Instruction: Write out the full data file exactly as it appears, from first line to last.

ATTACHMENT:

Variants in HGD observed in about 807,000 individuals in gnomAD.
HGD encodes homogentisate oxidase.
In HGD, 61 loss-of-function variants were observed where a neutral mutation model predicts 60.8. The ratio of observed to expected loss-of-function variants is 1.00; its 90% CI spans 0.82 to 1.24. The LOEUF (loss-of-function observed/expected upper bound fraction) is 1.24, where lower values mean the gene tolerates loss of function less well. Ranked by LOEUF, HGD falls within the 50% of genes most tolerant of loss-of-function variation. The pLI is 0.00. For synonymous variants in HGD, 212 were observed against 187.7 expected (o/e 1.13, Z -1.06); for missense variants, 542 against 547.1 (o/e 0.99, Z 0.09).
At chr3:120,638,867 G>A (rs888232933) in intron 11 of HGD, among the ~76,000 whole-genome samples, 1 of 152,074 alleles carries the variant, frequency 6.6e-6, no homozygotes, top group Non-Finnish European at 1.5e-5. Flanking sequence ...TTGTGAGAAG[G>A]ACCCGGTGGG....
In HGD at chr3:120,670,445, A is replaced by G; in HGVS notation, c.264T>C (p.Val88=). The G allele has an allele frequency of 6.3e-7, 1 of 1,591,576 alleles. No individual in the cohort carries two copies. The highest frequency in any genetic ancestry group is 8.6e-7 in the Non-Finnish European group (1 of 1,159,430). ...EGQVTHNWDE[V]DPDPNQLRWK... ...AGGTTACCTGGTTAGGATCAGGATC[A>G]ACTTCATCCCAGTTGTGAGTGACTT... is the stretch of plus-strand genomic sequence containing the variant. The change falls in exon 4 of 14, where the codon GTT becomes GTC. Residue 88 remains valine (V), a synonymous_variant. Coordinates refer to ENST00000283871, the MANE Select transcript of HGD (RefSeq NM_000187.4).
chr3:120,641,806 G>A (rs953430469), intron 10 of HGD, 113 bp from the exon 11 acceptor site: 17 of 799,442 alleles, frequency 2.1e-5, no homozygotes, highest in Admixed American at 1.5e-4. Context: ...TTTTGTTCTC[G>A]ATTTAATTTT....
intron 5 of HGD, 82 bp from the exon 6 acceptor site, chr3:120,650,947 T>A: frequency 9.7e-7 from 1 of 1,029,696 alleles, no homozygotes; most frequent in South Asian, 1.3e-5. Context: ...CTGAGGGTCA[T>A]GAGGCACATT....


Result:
Variants in HGD observed in about 807,000 individuals in gnomAD.
HGD encodes homogentisate oxidase.
In HGD, 61 loss-of-function variants were observed where a neutral mutation model predicts 60.8. The ratio of observed to expected loss-of-function variants is 1.00; its 90% CI spans 0.82 to 1.24. The LOEUF (loss-of-function observed/expected upper bound fraction) is 1.24, where lower values mean the gene tolerates loss of function less well. Ranked by LOEUF, HGD falls within the 50% of genes most tolerant of loss-of-function variation. The pLI is 0.00. For synonymous variants in HGD, 212 were observed against 187.7 expected (o/e 1.13, Z -1.06); for missense variants, 542 against 547.1 (o/e 0.99, Z 0.09).
At chr3:120,638,867 G>A (rs888232933) in intron 11 of HGD, among the ~76,000 whole-genome samples, 1 of 152,074 alleles carries the variant, frequency 6.6e-6, no homozygotes, top group Non-Finnish European at 1.5e-5. Flanking sequence ...TTGTGAGAAG[G>A]ACCCGGTGGG....
In HGD at chr3:120,670,445, A is replaced by G; in HGVS notation, c.264T>C (p.Val88=). The G allele has an allele frequency of 6.3e-7, 1 of 1,591,576 alleles. No individual in the cohort carries two copies. The highest frequency in any genetic ancestry group is 8.6e-7 in the Non-Finnish European group (1 of 1,159,430). ...EGQVTHNWDE[V]DPDPNQLRWK... ...AGGTTACCTGGTTAGGATCAGGATC[A>G]ACTTCATCCCAGTTGTGAGTGACTT... is the stretch of plus-strand genomic sequence containing the variant. The change falls in exon 4 of 14, where the codon GTT becomes GTC. Residue 88 remains valine (V), a synonymous_variant. Coordinates refer to ENST00000283871, the MANE Select transcript of HGD (RefSeq NM_000187.4).
chr3:120,641,806 G>A (rs953430469), intron 10 of HGD, 113 bp from the exon 11 acceptor site: 17 of 799,442 alleles, frequency 2.1e-5, no homozygotes, highest in Admixed American at 1.5e-4. Context: ...TTTTGTTCTC[G>A]ATTTAATTTT....
intron 5 of HGD, 82 bp from the exon 6 acceptor site, chr3:120,650,947 T>A: frequency 9.7e-7 from 1 of 1,029,696 alleles, no homozygotes; most frequent in South Asian, 1.3e-5. Context: ...CTGAGGGTCA[T>A]GAGGCACATT....